Those who remember comic Bob Newhart’s skits probably recall his famous rendition of Sir Walter Raleigh calling back to England on the not yet invented telephone and telling the queen that he had discovered tobacco. He tries to explain how it is used, and really struggles with making it sound attractive. This may have been an inspiration for many anti-tobacco campaigns, and we need a similar skit about how we treat water. Imagine trying to explain to some space traveler from afar that we spend money to protect our water supplies, expend extreme sums to treat water to make it drinkable, then put more of that water into toilets to convey wastes than we actually consume as potable water. It is hard to envision any explanation as being acceptable. Yet that is exactly what we do, despite existing alternatives, some of which are in use in other countries now. We really need some enlightened leadership to move our water management practices onto more sound ground.
The regulations governing the provision of drinking water are fairly extensive and strict. The water supplied to people for consumption is largely quite safe, despite the occasional hiccup like recent examples in Toledo Ohio and Flint Michigan. Those incidents should not be downplayed, but the public discussion should not focus on details, but rather look at the big picture. Source water protection is important, as is proper treatment, but what often gets forgotten is the distribution system. And that distribution system is grossly antiquated in much of the United States. By having just one intake source per dwelling, we have to receive only the best quality water. But if that distribution system has contaminants built into it, as with lead or copper pipes, we have to load the drinking water up with compounds that adjust the pH, coat the pipes and limit leaching of contaminants. Where the water sits for an extended time in the pipe, due to uneven demand, we have to make sure there is enough disinfectant present to keep bacteria from growing. There is a better solution.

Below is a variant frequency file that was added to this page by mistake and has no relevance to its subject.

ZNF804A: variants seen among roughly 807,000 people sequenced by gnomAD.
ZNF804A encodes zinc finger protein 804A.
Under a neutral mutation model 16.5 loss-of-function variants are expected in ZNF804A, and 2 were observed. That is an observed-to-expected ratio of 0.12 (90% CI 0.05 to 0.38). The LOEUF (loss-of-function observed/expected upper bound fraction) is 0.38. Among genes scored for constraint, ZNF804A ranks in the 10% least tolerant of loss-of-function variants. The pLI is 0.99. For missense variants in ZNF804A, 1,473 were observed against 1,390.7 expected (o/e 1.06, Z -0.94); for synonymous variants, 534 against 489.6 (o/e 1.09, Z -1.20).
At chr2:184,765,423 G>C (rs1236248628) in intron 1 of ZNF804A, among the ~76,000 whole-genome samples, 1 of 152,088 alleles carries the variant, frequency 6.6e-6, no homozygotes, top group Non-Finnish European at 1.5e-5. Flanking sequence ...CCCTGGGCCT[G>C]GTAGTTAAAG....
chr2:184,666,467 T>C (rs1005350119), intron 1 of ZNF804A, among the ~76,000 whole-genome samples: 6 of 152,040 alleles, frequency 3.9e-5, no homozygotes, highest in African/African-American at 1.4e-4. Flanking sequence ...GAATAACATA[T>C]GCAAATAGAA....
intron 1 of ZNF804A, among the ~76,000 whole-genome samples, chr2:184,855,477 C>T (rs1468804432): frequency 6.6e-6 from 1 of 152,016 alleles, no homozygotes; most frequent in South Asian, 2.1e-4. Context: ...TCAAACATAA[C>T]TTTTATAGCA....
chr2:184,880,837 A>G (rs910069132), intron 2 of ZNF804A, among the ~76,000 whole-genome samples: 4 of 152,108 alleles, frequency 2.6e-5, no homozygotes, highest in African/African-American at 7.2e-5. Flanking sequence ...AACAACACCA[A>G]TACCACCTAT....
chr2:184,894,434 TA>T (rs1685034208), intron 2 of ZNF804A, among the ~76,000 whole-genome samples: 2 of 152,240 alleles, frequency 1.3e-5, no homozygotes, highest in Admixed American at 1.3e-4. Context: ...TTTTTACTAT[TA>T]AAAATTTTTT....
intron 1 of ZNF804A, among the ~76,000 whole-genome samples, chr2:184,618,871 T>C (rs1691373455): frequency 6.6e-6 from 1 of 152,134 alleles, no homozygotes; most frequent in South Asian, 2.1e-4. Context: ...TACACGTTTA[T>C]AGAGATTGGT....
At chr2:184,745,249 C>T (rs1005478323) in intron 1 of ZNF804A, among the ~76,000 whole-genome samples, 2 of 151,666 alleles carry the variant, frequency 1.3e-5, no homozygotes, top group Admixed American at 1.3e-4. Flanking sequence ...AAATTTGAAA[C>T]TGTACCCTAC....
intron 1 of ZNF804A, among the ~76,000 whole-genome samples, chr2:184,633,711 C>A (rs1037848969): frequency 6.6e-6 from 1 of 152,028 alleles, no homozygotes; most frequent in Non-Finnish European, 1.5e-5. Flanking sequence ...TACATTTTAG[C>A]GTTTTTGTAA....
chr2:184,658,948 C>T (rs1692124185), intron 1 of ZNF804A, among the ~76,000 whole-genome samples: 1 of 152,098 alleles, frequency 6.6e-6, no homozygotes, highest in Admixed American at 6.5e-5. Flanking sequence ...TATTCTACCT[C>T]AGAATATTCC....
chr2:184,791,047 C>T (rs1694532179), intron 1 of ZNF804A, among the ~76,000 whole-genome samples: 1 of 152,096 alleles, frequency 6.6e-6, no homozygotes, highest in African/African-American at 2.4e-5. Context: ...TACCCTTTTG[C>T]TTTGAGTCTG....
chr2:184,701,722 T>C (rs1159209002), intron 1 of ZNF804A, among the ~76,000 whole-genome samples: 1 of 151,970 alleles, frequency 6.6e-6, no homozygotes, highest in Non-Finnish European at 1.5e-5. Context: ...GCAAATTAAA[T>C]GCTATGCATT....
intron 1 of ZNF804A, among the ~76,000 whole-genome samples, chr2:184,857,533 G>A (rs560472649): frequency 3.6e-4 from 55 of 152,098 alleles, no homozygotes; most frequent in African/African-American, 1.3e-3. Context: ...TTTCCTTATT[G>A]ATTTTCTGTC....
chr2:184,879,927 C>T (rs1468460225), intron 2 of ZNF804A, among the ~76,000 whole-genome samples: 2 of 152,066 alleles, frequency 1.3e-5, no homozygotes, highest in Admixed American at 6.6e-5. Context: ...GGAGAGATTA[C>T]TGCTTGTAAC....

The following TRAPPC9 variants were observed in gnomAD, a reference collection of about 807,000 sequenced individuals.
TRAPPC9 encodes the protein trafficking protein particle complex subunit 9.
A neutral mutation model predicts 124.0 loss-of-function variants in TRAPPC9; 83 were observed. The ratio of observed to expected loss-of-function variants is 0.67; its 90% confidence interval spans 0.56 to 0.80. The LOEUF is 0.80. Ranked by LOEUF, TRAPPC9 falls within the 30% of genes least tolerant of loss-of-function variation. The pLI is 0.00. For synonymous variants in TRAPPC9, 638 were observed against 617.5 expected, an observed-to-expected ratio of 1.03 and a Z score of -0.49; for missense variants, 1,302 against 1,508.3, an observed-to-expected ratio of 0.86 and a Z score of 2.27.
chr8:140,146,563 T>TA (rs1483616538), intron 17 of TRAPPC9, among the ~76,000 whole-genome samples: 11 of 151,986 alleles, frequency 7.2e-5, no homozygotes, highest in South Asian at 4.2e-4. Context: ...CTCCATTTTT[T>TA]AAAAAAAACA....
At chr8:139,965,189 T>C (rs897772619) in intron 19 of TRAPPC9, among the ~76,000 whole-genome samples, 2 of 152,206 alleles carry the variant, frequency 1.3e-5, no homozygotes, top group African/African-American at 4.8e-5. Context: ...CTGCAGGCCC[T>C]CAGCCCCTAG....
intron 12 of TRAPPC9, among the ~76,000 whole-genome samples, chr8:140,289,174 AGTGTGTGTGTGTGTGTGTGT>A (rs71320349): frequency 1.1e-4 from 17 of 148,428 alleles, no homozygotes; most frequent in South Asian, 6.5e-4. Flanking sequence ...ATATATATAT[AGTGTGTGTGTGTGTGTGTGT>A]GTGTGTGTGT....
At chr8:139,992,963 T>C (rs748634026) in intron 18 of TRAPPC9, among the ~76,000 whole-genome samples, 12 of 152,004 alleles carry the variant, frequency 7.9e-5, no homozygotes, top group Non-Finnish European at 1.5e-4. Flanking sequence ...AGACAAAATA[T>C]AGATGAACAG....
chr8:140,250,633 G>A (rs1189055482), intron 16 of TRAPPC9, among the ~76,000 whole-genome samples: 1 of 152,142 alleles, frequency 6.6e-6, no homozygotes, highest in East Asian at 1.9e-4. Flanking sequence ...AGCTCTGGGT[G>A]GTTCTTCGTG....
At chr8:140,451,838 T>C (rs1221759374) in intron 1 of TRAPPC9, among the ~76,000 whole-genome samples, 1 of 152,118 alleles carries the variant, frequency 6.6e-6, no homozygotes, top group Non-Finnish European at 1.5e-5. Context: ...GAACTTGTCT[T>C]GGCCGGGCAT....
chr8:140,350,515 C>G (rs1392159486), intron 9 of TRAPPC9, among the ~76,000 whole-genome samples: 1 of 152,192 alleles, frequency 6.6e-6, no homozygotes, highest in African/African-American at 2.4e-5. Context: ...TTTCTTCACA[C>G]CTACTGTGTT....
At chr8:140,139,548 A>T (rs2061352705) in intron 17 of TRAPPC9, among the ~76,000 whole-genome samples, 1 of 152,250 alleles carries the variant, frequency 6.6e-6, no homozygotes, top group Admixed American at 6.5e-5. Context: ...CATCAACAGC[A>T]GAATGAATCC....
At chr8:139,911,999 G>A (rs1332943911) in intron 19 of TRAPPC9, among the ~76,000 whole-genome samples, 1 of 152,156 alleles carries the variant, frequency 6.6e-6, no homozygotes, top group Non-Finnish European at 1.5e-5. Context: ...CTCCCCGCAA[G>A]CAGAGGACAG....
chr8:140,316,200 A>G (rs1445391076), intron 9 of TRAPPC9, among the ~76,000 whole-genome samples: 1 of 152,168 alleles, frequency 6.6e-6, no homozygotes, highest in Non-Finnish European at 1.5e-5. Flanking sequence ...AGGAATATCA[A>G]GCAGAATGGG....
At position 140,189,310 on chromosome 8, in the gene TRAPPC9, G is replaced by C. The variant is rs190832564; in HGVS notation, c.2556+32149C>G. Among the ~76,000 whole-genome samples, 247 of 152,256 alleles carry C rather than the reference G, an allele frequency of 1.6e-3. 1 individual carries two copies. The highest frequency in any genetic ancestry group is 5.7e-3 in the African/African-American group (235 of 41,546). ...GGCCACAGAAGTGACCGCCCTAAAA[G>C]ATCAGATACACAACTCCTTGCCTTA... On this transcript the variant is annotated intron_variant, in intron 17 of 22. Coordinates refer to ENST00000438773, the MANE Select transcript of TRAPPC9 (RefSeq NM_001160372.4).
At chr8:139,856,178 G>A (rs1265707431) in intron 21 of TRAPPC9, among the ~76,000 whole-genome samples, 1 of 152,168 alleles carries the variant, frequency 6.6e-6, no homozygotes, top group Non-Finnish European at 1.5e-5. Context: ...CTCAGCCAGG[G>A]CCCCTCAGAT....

If we had a new, smaller, pipe system to supply water for drinking, cooking and washing, the older pipe system could be used to supply less well treated water for toilet use and perhaps irrigation. There would be a cost to the extra infrastructure, but it could solve a lot of problems with current water quality and split water use in a way that would reduce treatment costs overall. Some places outside the USA now have dyed water coming into dwellings in one pipe for use in toilets, while drinking water is brought to taps separately. Recycling would mean less demand, both quantitatively and qualitatively. Utilities struggle to provide enough safe drinking water at times, especially during droughts, and we could ease that burden if we reduced the amount of high quality water that we literally flush down the toilet.
What’s next? Stocking toilets for fishing?